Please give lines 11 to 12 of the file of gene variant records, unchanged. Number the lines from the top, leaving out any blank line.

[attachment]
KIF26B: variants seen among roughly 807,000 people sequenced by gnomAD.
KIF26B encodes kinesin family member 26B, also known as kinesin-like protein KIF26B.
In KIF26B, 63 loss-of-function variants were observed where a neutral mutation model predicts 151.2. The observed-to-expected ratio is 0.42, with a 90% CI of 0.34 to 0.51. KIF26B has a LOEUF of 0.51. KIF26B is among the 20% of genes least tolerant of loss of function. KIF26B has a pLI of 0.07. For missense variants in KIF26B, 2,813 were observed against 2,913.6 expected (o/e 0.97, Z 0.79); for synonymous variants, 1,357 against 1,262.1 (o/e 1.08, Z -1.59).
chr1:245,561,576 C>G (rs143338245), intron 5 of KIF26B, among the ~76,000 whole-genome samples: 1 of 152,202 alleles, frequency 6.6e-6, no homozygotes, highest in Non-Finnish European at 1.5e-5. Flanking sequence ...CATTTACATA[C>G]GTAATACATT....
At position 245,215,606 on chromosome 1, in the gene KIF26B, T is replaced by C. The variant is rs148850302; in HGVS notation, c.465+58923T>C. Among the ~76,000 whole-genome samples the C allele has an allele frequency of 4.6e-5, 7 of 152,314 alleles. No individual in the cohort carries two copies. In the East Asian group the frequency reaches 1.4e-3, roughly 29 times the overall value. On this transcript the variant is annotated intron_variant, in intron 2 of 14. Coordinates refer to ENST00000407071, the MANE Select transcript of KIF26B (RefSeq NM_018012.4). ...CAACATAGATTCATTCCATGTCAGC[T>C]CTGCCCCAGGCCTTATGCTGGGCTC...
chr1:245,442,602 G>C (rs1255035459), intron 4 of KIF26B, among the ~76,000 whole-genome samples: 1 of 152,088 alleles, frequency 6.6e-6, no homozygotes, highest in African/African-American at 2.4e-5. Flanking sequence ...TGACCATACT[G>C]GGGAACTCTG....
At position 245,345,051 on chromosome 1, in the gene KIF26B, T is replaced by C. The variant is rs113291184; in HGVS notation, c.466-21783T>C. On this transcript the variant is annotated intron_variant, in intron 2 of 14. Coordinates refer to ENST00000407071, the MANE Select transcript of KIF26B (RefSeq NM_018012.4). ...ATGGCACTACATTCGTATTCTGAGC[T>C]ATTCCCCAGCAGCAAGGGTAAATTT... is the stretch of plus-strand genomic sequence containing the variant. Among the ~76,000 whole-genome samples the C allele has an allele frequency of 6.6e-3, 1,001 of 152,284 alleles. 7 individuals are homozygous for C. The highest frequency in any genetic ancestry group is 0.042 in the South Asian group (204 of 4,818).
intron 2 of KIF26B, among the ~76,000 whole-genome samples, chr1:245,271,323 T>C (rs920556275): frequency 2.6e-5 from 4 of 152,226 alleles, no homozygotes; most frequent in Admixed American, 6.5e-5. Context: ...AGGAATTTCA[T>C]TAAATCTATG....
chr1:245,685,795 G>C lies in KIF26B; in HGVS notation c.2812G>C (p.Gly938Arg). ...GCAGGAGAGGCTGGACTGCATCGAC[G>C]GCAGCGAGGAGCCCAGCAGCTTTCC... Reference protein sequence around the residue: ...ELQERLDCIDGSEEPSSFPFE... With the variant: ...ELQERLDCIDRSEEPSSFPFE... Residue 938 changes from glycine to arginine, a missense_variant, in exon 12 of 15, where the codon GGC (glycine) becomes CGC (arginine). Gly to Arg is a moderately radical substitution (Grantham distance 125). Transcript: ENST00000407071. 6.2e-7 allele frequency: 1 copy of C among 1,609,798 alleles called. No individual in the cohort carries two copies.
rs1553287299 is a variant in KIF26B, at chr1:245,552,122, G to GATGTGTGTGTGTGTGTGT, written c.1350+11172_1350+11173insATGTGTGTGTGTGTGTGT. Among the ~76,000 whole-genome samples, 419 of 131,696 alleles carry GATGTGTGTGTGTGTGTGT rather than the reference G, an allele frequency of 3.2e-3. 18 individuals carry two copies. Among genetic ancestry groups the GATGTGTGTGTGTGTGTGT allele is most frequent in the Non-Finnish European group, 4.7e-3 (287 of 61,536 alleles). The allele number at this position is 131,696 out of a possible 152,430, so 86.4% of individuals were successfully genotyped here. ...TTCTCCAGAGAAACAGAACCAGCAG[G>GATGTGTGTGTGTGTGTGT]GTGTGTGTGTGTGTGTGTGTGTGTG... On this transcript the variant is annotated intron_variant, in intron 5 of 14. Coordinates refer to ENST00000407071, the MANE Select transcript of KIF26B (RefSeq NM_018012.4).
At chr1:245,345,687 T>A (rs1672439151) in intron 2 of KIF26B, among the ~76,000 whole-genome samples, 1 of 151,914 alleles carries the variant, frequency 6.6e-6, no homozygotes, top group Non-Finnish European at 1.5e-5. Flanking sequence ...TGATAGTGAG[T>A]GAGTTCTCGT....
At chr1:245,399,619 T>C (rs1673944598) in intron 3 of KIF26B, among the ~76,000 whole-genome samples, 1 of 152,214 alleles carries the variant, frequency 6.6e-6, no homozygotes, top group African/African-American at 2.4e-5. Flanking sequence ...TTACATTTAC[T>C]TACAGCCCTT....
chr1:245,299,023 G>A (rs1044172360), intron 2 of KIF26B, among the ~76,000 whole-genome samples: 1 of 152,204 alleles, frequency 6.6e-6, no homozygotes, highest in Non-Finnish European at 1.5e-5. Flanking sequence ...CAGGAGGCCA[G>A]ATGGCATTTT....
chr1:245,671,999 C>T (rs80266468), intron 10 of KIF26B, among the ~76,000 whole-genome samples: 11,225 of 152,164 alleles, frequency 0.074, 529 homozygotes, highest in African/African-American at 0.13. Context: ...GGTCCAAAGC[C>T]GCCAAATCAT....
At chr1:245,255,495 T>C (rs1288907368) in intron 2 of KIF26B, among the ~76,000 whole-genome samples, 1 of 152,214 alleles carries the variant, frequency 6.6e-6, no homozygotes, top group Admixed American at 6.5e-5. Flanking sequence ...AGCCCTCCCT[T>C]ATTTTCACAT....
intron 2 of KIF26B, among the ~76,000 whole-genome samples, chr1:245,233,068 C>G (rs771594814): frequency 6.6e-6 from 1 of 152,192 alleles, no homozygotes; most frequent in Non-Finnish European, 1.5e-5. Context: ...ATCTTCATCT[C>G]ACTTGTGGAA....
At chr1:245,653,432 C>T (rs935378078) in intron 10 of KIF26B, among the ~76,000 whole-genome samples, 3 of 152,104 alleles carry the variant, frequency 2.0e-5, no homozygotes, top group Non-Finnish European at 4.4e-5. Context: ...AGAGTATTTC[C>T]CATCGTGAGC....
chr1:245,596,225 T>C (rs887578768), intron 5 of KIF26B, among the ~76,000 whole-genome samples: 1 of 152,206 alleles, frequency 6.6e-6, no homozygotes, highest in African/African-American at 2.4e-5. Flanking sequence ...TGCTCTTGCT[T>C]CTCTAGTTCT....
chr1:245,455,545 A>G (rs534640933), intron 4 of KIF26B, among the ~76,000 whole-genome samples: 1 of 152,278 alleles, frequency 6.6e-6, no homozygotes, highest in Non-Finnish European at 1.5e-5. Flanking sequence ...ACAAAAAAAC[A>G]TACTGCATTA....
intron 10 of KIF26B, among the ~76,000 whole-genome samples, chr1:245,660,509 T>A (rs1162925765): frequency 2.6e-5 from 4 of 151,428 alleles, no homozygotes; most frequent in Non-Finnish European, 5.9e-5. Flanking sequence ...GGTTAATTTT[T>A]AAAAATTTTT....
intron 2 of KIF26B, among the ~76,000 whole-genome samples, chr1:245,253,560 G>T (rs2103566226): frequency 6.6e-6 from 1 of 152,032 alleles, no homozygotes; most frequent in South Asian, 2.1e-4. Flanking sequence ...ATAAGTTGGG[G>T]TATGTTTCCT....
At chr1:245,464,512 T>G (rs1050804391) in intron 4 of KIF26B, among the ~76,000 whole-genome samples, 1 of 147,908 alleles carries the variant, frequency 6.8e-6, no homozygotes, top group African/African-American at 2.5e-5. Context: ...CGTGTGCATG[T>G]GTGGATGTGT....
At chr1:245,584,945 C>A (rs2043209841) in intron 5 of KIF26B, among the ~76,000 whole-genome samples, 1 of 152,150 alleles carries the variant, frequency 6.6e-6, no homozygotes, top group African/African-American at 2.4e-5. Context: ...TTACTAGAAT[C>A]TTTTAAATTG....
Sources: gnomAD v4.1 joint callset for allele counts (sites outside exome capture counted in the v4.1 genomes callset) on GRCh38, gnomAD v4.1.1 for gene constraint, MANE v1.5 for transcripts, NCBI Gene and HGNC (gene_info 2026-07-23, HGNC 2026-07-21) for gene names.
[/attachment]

At chr1:245,345,687 T>A (rs1672439151) in intron 2 of KIF26B, among the ~76,000 whole-genome samples, 1 of 151,914 alleles carries the variant, frequency 6.6e-6, no homozygotes, top group Non-Finnish European at 1.5e-5. Flanking sequence ...TGATAGTGAG[T>A]GAGTTCTCGT....
At chr1:245,399,619 T>C (rs1673944598) in intron 3 of KIF26B, among the ~76,000 whole-genome samples, 1 of 152,214 alleles carries the variant, frequency 6.6e-6, no homozygotes, top group African/African-American at 2.4e-5. Flanking sequence ...TTACATTTAC[T>C]TACAGCCCTT....